Stephen Thompson

Stephen Thompson is an editor and reviewer for NPR Music, where he writes the advice column The Good Listener, fusses over the placement of commas and appears as a frequent panelist on All Songs Considered. Since 2010, Thompson has been a fixture on the weekly NPR roundtable podcast Pop Culture Happy Hour, which he created and developed with NPR correspondent Linda Holmes. In 2008, he and Bob Boilen created the NPR Music video series Tiny Desk Concerts, in which musicians perform at Boilen's desk.

In 1993, Thompson founded The Onion's entertainment section, The A.V. Club, which he edited until December 2004. In the years since, he has provided music-themed commentaries for the NPR programs Weekend Edition Sunday, All Things Considered and Morning Edition, on which he earned the distinction of becoming the first member of the NPR Music staff ever to sing on an NPR newsmagazine. (Later, the magic of AutoTune transformed him from a 12th-rate David Archuleta into a fourth-rate Cher.) Thompson's entertainment writing has also run in Paste magazine, The Washington Post and The London Guardian.

During his tenure at The Onion, Thompson edited the 2002 book The Tenacity of the Cockroach: Conversations with Entertainment's Most Enduring Outsiders (Crown) and copy-edited six best-selling comedy books. While there, he also coached The Onion's softball team to a sizzling 21-42 record, and was once outscored 72-0 in a span of 10 innings. Later in life, Thompson redeemed himself by teaming up with the small gaggle of fleet-footed twentysomethings who won the 2008 NPR Relay Race, a triumph he documents in a hard-hitting essay for the book This Is NPR: The First Forty Years (Chronicle).

A 1994 graduate of the University of Wisconsin, Thompson now lives in Silver Spring, Md., with his two children, four cats and a room full of vintage arcade machines. His hobbies include watching reality television without shame, eating Pringles until his hand has involuntarily twisted itself into a gnarled claw, using the size of his Twitter following to assess his self-worth, touting the immutable moral superiority of the Green Bay Packers and maintaining a fierce rivalry with all Midwestern states other than Wisconsin.

There's an untouchable quality to the works of Elliott Smith, the singer-songwriter whose 2003 death haunts his already-haunting songs about pain, longing, love and survival. As with the similarly ill-fated Nick Drake, attempts to emulate or cover Smith's music tend to capture the feathery beauty while missing the bruised quality that makes it burrow under the skin as deeply and indelibly as a tattoo.

To be a fan in 2016 is to be super-served: If you love a musician today, you're likely to find a complete catalog on streaming services, have the option of falling down YouTube rabbit holes full of bootleg recordings and rare performances, and locate radio and video sessions all over the Internet — a glut of music, available all at once. Project that onto a 10- or 20-year career, and even obsessives can get their fill eventually.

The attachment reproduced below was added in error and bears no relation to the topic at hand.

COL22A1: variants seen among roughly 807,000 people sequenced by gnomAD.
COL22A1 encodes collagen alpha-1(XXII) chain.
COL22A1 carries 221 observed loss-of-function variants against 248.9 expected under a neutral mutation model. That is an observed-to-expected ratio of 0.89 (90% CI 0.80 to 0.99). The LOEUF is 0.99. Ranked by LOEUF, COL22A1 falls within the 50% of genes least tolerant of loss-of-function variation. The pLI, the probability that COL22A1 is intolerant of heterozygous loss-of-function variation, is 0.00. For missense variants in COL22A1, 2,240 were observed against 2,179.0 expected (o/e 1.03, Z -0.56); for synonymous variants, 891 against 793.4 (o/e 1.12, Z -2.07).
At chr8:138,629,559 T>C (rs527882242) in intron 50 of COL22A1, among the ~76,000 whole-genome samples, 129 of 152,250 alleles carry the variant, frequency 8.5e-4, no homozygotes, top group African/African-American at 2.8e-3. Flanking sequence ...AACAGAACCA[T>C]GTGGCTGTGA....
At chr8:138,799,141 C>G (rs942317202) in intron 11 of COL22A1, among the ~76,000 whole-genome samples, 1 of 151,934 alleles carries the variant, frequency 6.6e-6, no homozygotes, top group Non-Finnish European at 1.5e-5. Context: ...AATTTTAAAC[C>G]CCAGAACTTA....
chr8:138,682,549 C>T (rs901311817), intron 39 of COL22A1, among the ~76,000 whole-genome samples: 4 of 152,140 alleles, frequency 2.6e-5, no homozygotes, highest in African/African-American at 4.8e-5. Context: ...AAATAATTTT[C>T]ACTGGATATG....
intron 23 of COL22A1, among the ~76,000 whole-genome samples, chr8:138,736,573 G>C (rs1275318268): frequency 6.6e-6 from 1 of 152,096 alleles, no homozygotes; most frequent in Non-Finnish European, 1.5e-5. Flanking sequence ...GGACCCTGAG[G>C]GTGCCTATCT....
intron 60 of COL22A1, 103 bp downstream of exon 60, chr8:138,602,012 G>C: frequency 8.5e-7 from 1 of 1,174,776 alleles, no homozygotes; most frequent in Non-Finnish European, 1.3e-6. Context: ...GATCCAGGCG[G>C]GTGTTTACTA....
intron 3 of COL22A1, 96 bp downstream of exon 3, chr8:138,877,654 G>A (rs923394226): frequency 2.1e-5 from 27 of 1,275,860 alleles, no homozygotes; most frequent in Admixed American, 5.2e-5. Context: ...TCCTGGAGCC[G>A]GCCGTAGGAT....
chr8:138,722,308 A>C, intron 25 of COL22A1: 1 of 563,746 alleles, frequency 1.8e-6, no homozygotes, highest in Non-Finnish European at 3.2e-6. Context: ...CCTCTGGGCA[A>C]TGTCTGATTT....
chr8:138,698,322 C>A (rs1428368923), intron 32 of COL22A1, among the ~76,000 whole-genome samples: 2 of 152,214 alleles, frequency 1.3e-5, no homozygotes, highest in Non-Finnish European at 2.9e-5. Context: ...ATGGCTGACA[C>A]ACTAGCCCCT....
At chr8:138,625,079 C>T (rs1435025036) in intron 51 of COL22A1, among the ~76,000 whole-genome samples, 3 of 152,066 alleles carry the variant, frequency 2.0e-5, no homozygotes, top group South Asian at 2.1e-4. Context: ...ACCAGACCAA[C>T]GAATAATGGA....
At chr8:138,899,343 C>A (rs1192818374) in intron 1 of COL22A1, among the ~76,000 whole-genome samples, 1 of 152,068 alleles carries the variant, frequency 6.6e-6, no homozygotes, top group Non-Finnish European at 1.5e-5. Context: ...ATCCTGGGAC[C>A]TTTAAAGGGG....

Irish singer-songwriter Glen Hansard has proven incredibly versatile throughout a career spanning more than 25 years. In The Frames, he's mixed vein-bulging intensity, string-laden elegance and a rock star's flair for rafter-shaking anthems.

It's one thing for Low to have made a rewarding career of spare, dramatic, glacially paced music — for song after slow-moving song to have been constructed out of little more than crystalline guitar lines, minimal bass, maybe a few effects here and there, brushes of snare and the alternating or intertwined voices of Alan Sparhawk and Mimi Parker.

David Wax and Suz Slezak, the married couple who form David Wax Museum, have put an extraordinary amount of research and work into their sound.

When thinking about populism, it's easy to focus on either the relatable day-to-day struggles of average people — of the majority somewhere in the middle, glorified by so many rootsy tropes — or the more strung-out striving of those at the bottom. In politics and in culture, "the little guy" has typically made it far enough up the ladder to have a voice echoed in anthems and slogans, or else sunk far enough into desperation, homelessness or famine so as to surpass the need for detail entirely.

It's hard to believe Laura Marling is only 25 — not just because Short Movie is her fifth album, and not just because she's been singing with wise, almost impatiently weary authority since she was 16. What's especially striking is the way she's allowed her recordings and persona to evolve through so many decisively rendered, fully formed phases. Marling found her voice unusually early in life, but she's also never stopped refining it or discovering new ways to bare its teeth.

It's rare that a record lays out a mission statement as efficiently as the new supergroup Thompson does in the first 60 seconds of "Family." Here's Teddy Thompson, singing about the perils of being surrounded by his particular relatives:

My father is one of the greats to ever step on a stage

My mother has the most beautiful voice in the world

And I am betwixt and between

Sean Lennon, you know what I mean

Newport Folk Festival programmers like to close their lineups on a note of uplift; to send fans to the exits feeling elated and moved. On that front, they couldn't have done much better than the great Mavis Staples, whose titanic career has spanned more than 60 years. From her time in the best-selling gospel family band The Staple Singers through her role in the civil rights movement, she's been a face of change and a voice behind some of the most powerful songs in modern history.

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